Over the weekend, Republicans in the Michigan Statehouse passed a "license to discriminate" bill that would give just about anyone the right to refuse service to LGBT people if it conflicted with their religious beliefs. The broadly written Religious Freedom Restoration Act would allow, for example, an EMT to refuse emergency treatment to a gay person or a pharmacist to refuse to refill HIV medication. The measure is similar to one in Arizona that even right-wing governor Jan Brewer thought went too far and vetoed.
Frigid weather has forced the Smokies cold weather attraction in Tennessee to limit hours and activities for people to do outside. Thursday, Ober Gatlinburg closed the ski slopes with plans to reopen them on Friday at noon. "Limiting our Guest's exposure to the adverse temperatures is our primary consideration," said Bruce Anders, President of Ober Gatlinburg. Tubing resumes Friday at 11am and will continue as usual. Ober Gatlinburg offered the Aerial Tramway, Indoor Ice Skating and much more until 5pm Thursday. The resort plans to open from 10 a.m. to 10 p.m. on Friday. read more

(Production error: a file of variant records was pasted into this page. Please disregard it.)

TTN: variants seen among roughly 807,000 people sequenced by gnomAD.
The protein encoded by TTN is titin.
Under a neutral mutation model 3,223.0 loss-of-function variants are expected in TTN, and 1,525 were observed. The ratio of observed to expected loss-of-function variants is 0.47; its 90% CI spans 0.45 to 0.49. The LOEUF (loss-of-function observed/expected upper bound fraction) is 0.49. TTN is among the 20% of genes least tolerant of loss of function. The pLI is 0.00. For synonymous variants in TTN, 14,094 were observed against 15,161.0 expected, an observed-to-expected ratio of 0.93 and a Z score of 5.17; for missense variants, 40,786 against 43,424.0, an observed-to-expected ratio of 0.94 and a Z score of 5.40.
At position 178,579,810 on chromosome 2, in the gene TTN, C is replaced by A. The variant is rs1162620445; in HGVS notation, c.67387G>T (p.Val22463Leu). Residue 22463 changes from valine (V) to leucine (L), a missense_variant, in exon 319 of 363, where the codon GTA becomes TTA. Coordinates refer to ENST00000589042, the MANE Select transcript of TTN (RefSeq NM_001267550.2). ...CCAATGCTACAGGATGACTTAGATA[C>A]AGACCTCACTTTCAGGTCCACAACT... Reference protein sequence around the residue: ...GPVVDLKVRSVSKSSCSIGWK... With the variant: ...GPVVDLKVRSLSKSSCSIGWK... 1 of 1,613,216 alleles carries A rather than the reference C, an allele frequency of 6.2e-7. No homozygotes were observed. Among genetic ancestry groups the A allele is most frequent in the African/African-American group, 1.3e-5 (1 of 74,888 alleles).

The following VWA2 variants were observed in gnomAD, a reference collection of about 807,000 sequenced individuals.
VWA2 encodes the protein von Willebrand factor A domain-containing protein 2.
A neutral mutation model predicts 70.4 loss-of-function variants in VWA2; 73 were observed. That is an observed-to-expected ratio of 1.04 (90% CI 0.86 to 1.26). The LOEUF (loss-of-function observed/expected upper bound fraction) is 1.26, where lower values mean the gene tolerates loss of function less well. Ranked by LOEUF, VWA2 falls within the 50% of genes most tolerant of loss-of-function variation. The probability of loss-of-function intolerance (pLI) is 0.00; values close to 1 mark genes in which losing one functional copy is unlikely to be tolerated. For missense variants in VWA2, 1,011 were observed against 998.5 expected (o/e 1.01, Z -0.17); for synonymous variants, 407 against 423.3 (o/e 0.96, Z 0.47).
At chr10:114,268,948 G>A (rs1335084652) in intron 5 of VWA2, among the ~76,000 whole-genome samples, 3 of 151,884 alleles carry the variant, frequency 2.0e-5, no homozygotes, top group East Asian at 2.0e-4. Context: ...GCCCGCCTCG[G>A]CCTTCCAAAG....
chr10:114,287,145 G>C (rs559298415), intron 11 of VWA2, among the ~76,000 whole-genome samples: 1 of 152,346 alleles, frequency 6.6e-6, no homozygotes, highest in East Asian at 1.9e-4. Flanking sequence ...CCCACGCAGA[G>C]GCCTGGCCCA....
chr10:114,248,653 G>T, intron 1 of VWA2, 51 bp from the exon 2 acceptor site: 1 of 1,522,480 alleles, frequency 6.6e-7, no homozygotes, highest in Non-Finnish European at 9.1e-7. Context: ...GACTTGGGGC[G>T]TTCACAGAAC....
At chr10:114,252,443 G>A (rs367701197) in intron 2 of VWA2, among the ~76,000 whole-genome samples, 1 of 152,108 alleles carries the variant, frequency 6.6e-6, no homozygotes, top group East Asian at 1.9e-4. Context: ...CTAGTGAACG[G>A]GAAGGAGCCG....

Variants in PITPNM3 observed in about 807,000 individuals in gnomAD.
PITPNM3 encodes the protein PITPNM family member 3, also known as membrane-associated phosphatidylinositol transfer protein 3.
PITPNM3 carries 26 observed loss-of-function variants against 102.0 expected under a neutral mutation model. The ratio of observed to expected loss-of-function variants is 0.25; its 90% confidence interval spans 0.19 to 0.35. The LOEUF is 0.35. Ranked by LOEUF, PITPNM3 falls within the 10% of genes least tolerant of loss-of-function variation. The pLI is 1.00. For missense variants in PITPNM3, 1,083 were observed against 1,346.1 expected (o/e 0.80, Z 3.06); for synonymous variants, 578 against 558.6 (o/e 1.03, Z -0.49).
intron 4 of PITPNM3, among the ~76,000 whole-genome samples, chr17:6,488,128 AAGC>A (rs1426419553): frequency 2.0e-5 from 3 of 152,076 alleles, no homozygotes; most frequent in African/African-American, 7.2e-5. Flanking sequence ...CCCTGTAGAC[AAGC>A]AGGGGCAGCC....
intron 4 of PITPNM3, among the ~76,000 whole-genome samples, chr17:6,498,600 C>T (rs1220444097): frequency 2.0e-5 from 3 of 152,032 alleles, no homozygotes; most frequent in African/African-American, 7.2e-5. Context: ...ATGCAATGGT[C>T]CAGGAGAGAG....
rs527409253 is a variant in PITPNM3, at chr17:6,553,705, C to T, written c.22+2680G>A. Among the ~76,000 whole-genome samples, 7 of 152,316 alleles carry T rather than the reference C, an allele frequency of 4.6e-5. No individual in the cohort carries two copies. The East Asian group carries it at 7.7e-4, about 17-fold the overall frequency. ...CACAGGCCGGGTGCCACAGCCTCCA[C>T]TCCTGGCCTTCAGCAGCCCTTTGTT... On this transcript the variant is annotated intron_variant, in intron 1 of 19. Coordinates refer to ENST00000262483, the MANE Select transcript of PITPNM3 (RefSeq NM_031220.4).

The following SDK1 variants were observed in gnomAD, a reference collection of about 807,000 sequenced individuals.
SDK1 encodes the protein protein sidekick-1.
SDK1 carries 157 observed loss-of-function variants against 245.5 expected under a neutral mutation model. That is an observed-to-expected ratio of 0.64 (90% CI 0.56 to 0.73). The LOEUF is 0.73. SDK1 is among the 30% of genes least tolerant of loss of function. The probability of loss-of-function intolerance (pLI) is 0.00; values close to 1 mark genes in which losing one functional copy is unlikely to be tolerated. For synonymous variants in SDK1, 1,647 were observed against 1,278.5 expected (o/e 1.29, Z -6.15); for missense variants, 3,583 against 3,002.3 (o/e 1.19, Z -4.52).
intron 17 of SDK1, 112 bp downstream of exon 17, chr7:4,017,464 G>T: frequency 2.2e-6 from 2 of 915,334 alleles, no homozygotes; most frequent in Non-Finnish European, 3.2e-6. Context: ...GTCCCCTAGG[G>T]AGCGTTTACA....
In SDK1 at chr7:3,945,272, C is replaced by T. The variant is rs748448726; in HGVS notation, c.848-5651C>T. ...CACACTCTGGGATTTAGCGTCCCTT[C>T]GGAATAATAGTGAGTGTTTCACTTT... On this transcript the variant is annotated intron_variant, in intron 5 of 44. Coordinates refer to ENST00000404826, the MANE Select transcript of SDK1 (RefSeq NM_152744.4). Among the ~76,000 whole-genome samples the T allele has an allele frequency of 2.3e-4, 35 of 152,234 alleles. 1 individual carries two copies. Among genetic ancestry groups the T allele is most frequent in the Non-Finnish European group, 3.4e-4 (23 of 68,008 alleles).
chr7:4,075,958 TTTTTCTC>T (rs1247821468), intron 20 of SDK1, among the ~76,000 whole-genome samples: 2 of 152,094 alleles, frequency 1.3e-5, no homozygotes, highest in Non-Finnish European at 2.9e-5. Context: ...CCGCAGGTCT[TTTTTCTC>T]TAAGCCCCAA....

A study released Tuesday by two Army War College professors explains how some officers maintain compliance with ever-increasing training requirements, requests for information and reams of mandatory paperwork. They lie about it. The service's "foundation of trust is slowly being eroded by the corrupting influences of duplicity and deceit," found researchers Leonard Wong and Stephen J. Gerras. "[E]ach year, tens of thousands of support forms are submitted with untruthful information," the report states. "To the average officer, it is the way business is done in the Army." read more
Michael Vedvik was a longtime Seattle Seahawks fan. So his wife thinks he'd laugh about the last line in his obituary today: "We blame the Seahawks lousy play call for Mike's untimely death." The Spokane native, had a heart attack just hours after the Seahawks lost the Super Bowl. He was 53. His sister wrote the obituary and the line was added by his brother-in-law.
This year will mark the 30th anniversary of a very strange day on Capitol Hill: September 19, 1985, when a group of well-connected Washingtonians addressed the US Senate's Committee on Commerce, Science, and Transportation about what they saw as out-of-control rock music lyrics. Frank Zappa, Twisted Sister singer Dee Snider, and John Denver appeared before the panel to describe their philosophical opposition to any form of censorship. read more